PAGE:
Many of us will be missing our moms this Mother’s Day.
For families who have recently lost mothers, the day is especially poignant, as they cherish precious memories while, at the same time, striving to cope with grief themselves and help their family do the same.
So many families across the nation have paid unforgettable tribute to mothers who have passed away during the coronavirus pandemic this spring. Their obituaries tell the stories of strong women who nurtured lovingly and loved fiercely.
Here are some of those stories.
Over two weeks in March, brothers Raymond and William Lee lost their mother Susie as well as their sisters Regina and Willa to coronavirus. The three Lee women lived together.
In an interview with the Seattle Times, Raymond remembered growing up: Susie Lee, who worked as a housekeeper, had her hands full with four children born one right after the other.
“We drove her crazy, the four of us,” he said.
The family were last together when they celebrated Chinese New Year. Raymond recalled that his mother and sisters “were loving and they lived life to their fullest.”
New Orleans, Louisiana
The Franklin family of New Orleans was also hit hard by coronavirus. Between March 20 and March 30, four family members died of COVID-19, including family matriarch Antoinette Franklin and three of her sons Herman Franklin Jr., Timothy Franklin, and Anthony Franklin Sr.
Messages left in her obituary guest book pay tribute to the beloved great-great-grandmother:
“Mrs. Antoinette was a mother figure to everyone. You will be missed by all.”
“Mother Franklin is da sweetest lady anyone could ever want to meet in this lifetime. Her entire family is a blessing. My heart is so heavy for all of y’all.”
“Rest in heaven Grandmother, you will be miss. I Love You!!”
Kaysville, Utah & Novi, Michigan
“Our sweet mother, grandmother, and sister passed away on April 10, 2020…” begins the obituary for Betty Foster Workman. Betty lived most of her life in Utah before moving to a nursing home in Michigan where she could be close to her daughter.
“Her family meant everything to her. Her visits to the homes of her daughter and son’s families are memories that will always be cherished.”
“Betty was there to support her family in both good and challenging times. Anyone who knew her knew how kind she was. She never got angry or said a harsh word towards anyone. She simply loved others.”
Queens, New York
In a short span, Lloyd Torres lost both his mom Lolita and his brother Louis to coronavirus.
In an interview with New York’s ABC 7, Lloyd remembered his mother as a Filipino immigrant who sacrificed so much for her sons.
He last saw her two weeks before she died when he took her some groceries so she could make her favorite Filipino soup.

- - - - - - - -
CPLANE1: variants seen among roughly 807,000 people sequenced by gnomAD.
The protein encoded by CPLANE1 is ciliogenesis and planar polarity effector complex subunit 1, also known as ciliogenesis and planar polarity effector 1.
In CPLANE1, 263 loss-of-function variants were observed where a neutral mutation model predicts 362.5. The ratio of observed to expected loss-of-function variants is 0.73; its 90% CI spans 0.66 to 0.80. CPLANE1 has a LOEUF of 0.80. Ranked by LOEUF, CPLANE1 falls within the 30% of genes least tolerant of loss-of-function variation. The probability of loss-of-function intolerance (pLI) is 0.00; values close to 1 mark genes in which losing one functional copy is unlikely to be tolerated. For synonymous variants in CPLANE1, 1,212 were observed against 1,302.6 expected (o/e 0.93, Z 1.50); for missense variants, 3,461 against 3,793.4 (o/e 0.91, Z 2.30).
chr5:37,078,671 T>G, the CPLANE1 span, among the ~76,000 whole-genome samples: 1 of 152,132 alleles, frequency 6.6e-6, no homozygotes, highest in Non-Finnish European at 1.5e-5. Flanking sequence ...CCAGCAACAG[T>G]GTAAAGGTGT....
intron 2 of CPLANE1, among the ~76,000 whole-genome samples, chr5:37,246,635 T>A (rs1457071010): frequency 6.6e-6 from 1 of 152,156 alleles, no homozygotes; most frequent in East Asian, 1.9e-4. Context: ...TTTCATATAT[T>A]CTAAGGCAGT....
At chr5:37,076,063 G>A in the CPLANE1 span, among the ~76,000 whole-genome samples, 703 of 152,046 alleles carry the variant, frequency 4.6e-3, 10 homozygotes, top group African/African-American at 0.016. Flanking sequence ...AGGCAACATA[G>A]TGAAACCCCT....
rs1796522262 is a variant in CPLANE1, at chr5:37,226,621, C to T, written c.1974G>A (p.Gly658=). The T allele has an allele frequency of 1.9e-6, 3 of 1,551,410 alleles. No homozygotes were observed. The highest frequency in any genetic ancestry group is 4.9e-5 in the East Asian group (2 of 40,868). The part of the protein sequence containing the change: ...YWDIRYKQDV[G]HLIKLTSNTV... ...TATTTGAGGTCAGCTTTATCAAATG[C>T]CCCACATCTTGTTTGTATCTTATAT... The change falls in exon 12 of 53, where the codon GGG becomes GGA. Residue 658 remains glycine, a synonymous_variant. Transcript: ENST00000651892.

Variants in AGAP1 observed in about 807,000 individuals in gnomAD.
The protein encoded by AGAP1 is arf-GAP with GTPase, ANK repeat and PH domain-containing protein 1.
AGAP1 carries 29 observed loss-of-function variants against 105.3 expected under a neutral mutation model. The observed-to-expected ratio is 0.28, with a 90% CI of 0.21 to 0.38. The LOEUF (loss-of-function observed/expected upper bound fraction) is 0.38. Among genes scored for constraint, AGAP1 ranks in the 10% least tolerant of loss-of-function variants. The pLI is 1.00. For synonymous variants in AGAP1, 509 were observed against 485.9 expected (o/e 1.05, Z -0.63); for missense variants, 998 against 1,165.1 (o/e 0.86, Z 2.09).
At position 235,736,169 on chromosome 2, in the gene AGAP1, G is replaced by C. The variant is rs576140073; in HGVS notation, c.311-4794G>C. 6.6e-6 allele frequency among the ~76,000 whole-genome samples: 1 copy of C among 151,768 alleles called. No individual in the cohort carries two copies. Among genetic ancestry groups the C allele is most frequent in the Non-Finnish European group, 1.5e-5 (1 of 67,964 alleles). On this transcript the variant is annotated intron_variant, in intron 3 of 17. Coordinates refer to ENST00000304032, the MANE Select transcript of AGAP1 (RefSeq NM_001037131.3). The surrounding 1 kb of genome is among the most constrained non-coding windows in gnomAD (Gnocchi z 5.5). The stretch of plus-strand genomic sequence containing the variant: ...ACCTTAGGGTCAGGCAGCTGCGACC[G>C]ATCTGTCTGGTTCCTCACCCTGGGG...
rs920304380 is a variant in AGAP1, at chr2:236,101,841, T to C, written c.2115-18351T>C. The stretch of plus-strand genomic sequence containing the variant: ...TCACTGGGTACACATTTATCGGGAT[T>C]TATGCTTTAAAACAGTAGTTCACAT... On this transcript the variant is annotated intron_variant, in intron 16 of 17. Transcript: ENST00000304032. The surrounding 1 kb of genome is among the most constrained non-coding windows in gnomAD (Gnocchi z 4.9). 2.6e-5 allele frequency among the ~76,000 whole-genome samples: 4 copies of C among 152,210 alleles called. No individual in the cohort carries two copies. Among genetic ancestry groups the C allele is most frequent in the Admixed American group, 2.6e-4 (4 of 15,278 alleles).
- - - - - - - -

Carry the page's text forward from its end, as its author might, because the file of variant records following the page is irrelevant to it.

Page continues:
Staten Island, New York
It’s clear from her obituary that Dorothy Brunetti loved her family and was loved in return.
The “beloved wife, mother and grandmother” was “giving and nurturing” and “there wasn’t anything she wouldn’t do for her family.”
As her health declined, Dorothy told her family this:
“When I die, I will be with you always, just look up to the sky. I will be watching over you. Pray and talk to me.”
Monsey, New York
Luz Maldonado was “a strong Puerto Rican woman” who raised nine children and loved watching her two granddaughters grow up.
“Luz was known to all as a devoted and loving wife, mother, sister and friend. The twinkle in her eye, the taste of her rice and beans, and her countless bendiciones always let you know how much she loved you.”
“She made the most amazing pasteles in the world and nurtured her children with an abundance of food and love.”
Karen Cutting’s daughter published a loving obituary for her mother:
“My beautiful Mother, Karen Ann Cutting and passed away on March 29, 2020, from Covid-19… I miss you Mom you’re always in my heart.”
In the obituary, she also paid tribute to her grandmother, a single mother who raised Karen and her sister in Montana and then Seattle, where she “worked at Bell Telephone Co., so that Karen could go to University of Washington.”
Clida Ellison, the mother of Minnesota attorney general Keith Ellison, “raised five sons while working with her husband as the office manager of his medical practice.”
When she was 57, her husband suffered a debilitating stroke. Clida went back to school and earned her master’s degree in social work then began a new career in the juvenile division of Michigan’s Third Circuit Court.
“She was still serving young people in the court system, weeks before she passed away.”
Even the youngest members of her family knew not to mess with Anne Gagne.
As “the unquestionable family matriarch,” Anne “instilled a tradition of toughness, accountability, faith and family, with a respectful rigor of command.”
Kathleen Gallagher’s “greatest joy in life was being a mother, grandmother and great-grandmother,” and she “was fiercely proud of her children, grandchildren and great-grandchildren.”
A “true matriarch of the family,” Kathleen served as a “clearinghouse” of family news and maintained an amazing knowledge of all of the activities of her children and grandchildren.
Rowland Heights, California
The Tovar-Ramirez family lost two beloved matriarchs to coronavirus.
Carolina and Letty were an “inseparable” mother-daughter pair, who often could be found together cooking in the kitchen, watching classic Mexican films, getting their nails done, and talking about everything.
The “twin matriarchs,” as the Los Angeles Times describes them, passed away on the same day.